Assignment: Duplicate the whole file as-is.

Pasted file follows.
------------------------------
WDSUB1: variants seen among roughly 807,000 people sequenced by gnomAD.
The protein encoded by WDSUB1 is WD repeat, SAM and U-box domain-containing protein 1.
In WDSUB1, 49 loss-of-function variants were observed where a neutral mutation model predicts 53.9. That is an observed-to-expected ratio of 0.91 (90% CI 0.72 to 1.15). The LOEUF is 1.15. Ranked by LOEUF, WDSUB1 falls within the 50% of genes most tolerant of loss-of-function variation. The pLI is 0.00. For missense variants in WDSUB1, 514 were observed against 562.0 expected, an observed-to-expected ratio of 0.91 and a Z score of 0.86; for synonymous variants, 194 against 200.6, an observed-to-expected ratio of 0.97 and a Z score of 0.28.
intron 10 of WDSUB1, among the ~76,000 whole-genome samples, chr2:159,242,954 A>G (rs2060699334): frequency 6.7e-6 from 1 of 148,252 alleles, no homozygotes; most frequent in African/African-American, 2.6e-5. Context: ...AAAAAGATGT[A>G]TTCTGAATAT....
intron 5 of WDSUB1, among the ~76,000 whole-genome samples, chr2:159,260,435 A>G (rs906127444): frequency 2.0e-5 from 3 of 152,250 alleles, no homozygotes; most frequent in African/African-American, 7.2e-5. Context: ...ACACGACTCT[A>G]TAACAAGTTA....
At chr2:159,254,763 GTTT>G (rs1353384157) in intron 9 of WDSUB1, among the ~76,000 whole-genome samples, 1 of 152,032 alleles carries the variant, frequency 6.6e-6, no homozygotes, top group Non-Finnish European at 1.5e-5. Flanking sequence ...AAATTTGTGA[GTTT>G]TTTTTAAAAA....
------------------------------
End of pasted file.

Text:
WDSUB1: variants seen among roughly 807,000 people sequenced by gnomAD.
The protein encoded by WDSUB1 is WD repeat, SAM and U-box domain-containing protein 1.
In WDSUB1, 49 loss-of-function variants were observed where a neutral mutation model predicts 53.9. That is an observed-to-expected ratio of 0.91 (90% CI 0.72 to 1.15). The LOEUF is 1.15. Ranked by LOEUF, WDSUB1 falls within the 50% of genes most tolerant of loss-of-function variation. The pLI is 0.00. For missense variants in WDSUB1, 514 were observed against 562.0 expected, an observed-to-expected ratio of 0.91 and a Z score of 0.86; for synonymous variants, 194 against 200.6, an observed-to-expected ratio of 0.97 and a Z score of 0.28.
intron 10 of WDSUB1, among the ~76,000 whole-genome samples, chr2:159,242,954 A>G (rs2060699334): frequency 6.7e-6 from 1 of 148,252 alleles, no homozygotes; most frequent in African/African-American, 2.6e-5. Context: ...AAAAAGATGT[A>G]TTCTGAATAT....
intron 5 of WDSUB1, among the ~76,000 whole-genome samples, chr2:159,260,435 A>G (rs906127444): frequency 2.0e-5 from 3 of 152,250 alleles, no homozygotes; most frequent in African/African-American, 7.2e-5. Context: ...ACACGACTCT[A>G]TAACAAGTTA....
At chr2:159,254,763 GTTT>G (rs1353384157) in intron 9 of WDSUB1, among the ~76,000 whole-genome samples, 1 of 152,032 alleles carries the variant, frequency 6.6e-6, no homozygotes, top group Non-Finnish European at 1.5e-5. Flanking sequence ...AAATTTGTGA[GTTT>G]TTTTTAAAAA....